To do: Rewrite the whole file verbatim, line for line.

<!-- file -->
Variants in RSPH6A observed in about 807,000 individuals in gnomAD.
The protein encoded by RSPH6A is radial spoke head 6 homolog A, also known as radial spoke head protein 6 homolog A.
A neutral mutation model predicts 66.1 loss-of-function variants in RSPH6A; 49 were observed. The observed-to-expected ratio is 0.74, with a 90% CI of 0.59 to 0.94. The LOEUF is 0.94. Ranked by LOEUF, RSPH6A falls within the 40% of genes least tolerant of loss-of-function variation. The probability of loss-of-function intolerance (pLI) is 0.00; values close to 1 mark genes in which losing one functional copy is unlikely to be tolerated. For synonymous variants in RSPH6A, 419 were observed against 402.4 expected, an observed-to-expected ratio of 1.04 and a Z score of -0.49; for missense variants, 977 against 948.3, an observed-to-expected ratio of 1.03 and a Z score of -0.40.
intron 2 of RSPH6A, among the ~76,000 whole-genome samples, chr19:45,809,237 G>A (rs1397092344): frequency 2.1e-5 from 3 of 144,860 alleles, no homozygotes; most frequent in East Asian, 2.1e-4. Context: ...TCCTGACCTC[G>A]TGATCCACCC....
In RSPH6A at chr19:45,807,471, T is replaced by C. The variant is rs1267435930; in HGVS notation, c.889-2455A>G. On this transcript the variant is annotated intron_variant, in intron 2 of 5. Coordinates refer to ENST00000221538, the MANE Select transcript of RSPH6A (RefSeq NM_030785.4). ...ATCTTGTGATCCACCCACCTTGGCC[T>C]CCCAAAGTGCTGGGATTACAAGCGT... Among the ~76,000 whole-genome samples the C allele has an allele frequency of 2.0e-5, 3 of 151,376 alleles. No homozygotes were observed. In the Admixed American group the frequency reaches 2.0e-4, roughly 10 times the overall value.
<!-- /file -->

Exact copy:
Variants in RSPH6A observed in about 807,000 individuals in gnomAD.
The protein encoded by RSPH6A is radial spoke head 6 homolog A, also known as radial spoke head protein 6 homolog A.
A neutral mutation model predicts 66.1 loss-of-function variants in RSPH6A; 49 were observed. The observed-to-expected ratio is 0.74, with a 90% CI of 0.59 to 0.94. The LOEUF is 0.94. Ranked by LOEUF, RSPH6A falls within the 40% of genes least tolerant of loss-of-function variation. The probability of loss-of-function intolerance (pLI) is 0.00; values close to 1 mark genes in which losing one functional copy is unlikely to be tolerated. For synonymous variants in RSPH6A, 419 were observed against 402.4 expected, an observed-to-expected ratio of 1.04 and a Z score of -0.49; for missense variants, 977 against 948.3, an observed-to-expected ratio of 1.03 and a Z score of -0.40.
intron 2 of RSPH6A, among the ~76,000 whole-genome samples, chr19:45,809,237 G>A (rs1397092344): frequency 2.1e-5 from 3 of 144,860 alleles, no homozygotes; most frequent in East Asian, 2.1e-4. Context: ...TCCTGACCTC[G>A]TGATCCACCC....
In RSPH6A at chr19:45,807,471, T is replaced by C. The variant is rs1267435930; in HGVS notation, c.889-2455A>G. On this transcript the variant is annotated intron_variant, in intron 2 of 5. Coordinates refer to ENST00000221538, the MANE Select transcript of RSPH6A (RefSeq NM_030785.4). ...ATCTTGTGATCCACCCACCTTGGCC[T>C]CCCAAAGTGCTGGGATTACAAGCGT... Among the ~76,000 whole-genome samples the C allele has an allele frequency of 2.0e-5, 3 of 151,376 alleles. No homozygotes were observed. In the Admixed American group the frequency reaches 2.0e-4, roughly 10 times the overall value.